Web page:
Three Vined Mice
Chancel Choir Stall Mice
Clockwise from top left Shadyside Presbyterian, Heinz Chapel, East Liberty Presbyterian
We often hear the
expressions, “poor as a church mouse” or “quiet as a church mouse.”
the 1930s, in
Choir Modesty Screens Heinz Chapel (l), Shadyside Presbyterian (r)
mouse are carvings of vines. In
Christian symbolism, the vine represents the connection of Christ to the
Church. In John 15:5, Jesus
says, “I am the vine, you are the branches.”
The way a vine continually grows and envelopes its environment
speaks of the Church’s mission carry the Gospel of Christ to the world.
"Creation Carvings" Shadyside (top), Heinz Chapel (bottom)
If the vine is
symbolic, we might expect the mouse to be so also.
At Shadyside and Heinz Chapel, the mice are among a wide variety of
animals carved on the modesty screens for the choir stalls.
As a group, the animals may be representative of God’s Creation.
This would mesh nicely with the metaphor of Church as vine.
Shadyside’s mouse holds a more prominent place, in that it is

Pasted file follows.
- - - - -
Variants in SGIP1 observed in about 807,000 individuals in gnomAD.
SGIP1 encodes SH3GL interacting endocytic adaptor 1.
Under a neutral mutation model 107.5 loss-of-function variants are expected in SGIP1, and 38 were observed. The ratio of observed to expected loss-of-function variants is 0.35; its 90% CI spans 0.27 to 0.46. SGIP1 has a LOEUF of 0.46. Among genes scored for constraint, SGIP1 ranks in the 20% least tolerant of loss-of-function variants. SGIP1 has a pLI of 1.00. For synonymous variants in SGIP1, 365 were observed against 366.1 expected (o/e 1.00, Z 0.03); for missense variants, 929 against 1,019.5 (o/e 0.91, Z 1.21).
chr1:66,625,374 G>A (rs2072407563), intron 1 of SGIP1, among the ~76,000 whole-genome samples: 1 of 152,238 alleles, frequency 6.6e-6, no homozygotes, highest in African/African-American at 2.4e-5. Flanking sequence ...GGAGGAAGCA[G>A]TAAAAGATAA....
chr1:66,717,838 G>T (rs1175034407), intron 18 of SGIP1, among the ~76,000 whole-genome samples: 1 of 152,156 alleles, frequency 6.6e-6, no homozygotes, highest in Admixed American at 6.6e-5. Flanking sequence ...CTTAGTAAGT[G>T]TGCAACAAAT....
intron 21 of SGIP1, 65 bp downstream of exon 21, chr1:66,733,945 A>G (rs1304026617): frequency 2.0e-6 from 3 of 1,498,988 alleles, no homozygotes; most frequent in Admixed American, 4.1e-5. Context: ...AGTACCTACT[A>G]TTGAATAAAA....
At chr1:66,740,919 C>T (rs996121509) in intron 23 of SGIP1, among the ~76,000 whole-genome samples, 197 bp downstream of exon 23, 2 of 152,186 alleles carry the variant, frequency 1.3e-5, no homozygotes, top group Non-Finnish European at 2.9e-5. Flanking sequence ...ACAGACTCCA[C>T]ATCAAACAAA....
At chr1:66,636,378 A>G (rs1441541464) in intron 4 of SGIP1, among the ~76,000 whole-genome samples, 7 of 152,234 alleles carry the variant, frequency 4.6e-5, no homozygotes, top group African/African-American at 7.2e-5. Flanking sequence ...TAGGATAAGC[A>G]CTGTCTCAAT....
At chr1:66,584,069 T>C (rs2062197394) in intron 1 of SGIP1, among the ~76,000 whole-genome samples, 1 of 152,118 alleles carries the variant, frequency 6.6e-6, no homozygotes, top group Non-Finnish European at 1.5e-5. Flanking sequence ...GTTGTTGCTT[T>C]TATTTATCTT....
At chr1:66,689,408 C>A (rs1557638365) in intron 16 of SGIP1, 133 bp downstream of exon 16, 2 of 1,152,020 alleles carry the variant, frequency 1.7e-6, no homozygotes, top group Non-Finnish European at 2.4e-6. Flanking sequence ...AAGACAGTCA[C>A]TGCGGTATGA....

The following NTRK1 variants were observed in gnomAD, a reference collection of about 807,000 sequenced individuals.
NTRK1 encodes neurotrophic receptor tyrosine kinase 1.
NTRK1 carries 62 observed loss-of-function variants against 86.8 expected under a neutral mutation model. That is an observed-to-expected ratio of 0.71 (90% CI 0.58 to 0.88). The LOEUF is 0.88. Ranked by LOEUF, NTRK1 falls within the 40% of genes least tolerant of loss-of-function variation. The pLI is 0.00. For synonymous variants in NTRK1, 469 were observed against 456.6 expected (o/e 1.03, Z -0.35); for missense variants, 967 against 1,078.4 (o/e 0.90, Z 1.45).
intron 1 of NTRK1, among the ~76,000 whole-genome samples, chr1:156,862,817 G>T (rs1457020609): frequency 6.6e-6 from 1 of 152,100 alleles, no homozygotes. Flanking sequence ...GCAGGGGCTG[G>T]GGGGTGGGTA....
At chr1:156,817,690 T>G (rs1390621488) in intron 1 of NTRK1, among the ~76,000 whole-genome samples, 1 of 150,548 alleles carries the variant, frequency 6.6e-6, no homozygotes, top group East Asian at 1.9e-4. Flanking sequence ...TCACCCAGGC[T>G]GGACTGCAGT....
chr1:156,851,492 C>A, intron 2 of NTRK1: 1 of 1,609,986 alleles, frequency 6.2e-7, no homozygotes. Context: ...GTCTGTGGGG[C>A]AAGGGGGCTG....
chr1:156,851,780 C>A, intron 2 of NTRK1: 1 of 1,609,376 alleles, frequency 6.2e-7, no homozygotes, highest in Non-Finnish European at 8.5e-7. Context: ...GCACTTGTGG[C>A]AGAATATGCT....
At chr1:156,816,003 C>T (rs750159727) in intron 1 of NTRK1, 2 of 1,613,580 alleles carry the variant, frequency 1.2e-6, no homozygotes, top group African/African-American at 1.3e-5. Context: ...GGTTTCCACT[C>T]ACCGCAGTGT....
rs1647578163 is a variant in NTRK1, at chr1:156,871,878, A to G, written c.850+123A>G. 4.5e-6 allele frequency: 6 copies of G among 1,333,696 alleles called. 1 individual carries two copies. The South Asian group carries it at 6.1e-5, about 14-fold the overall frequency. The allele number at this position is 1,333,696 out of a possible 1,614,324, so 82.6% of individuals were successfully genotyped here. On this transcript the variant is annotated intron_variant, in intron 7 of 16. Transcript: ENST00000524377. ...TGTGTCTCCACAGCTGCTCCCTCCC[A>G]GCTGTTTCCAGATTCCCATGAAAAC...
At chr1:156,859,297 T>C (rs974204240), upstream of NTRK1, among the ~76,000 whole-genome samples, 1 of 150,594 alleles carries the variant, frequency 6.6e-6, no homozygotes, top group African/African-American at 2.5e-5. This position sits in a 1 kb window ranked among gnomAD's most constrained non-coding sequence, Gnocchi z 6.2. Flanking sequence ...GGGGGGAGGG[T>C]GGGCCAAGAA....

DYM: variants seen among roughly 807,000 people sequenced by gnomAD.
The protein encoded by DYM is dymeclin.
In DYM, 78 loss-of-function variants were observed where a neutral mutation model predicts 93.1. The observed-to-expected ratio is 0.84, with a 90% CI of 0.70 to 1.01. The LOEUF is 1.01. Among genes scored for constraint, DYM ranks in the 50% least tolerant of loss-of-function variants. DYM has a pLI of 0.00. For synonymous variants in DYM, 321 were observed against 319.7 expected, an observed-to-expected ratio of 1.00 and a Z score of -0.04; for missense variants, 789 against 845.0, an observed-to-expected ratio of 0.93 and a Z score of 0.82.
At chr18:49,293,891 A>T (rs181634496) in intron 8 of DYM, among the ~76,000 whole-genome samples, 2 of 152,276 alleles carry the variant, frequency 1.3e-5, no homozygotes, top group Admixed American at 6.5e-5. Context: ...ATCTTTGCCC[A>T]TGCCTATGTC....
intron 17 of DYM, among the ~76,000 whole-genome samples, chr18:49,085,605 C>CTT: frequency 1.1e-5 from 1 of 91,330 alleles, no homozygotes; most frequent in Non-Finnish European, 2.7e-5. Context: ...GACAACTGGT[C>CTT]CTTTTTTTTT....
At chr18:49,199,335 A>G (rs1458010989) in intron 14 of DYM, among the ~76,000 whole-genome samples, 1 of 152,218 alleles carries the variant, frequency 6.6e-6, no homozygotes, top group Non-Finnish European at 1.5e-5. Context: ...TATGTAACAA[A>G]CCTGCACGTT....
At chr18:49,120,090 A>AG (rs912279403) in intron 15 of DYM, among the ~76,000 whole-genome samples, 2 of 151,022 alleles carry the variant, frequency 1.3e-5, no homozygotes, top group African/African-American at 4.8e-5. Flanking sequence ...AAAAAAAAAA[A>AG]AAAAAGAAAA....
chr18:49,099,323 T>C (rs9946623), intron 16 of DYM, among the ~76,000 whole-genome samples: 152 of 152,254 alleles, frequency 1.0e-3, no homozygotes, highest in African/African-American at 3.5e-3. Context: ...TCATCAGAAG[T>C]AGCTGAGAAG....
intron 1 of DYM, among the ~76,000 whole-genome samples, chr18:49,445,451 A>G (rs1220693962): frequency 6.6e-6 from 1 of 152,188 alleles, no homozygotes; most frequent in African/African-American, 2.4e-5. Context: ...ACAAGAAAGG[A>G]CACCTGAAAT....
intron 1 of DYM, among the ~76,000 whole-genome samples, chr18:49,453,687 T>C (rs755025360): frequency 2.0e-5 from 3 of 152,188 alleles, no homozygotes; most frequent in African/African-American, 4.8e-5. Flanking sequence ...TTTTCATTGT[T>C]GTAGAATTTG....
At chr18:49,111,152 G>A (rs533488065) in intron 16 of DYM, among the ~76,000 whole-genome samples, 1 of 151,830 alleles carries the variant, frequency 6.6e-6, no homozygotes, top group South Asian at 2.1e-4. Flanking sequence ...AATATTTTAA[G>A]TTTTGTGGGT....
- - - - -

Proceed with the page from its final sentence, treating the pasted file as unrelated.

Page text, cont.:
repeated at each side of each panel in the screen.
The Heinz mouse is one creature among many.
Calvin the Mouse at East Liberty Presbyterian Church (above organ console)
Are these mice kin?
Each church has a different architect:
Ralph Adams Cram (the master late gothicist) for East Liberty,
Charles Z. Klauder (who also designed the Cathedral of Learning) for Heinz
Is there a link to
Figures at Shadyside, Heinz Chapel & East Liberty
The prominent use of
carved wooden church mice appears to be a relatively recent tradition.
Certainly, they can be found in medieval structures.
Romanesque and gothic stone masons and wood carvers were given wide
latitude in choosing subjects for their sculpture – and often they had
no religious meaning. However,
mice started showing up frequently in churches during the early twentieth
century in England.
Robert Thompson (1876
– 1955) of Yorkshire was a carver of church and domestic furnishings in
From Robert Thompson's Craftsmen Ltd (See Website)
Whether a connection
exists between Thompson’s mice and those in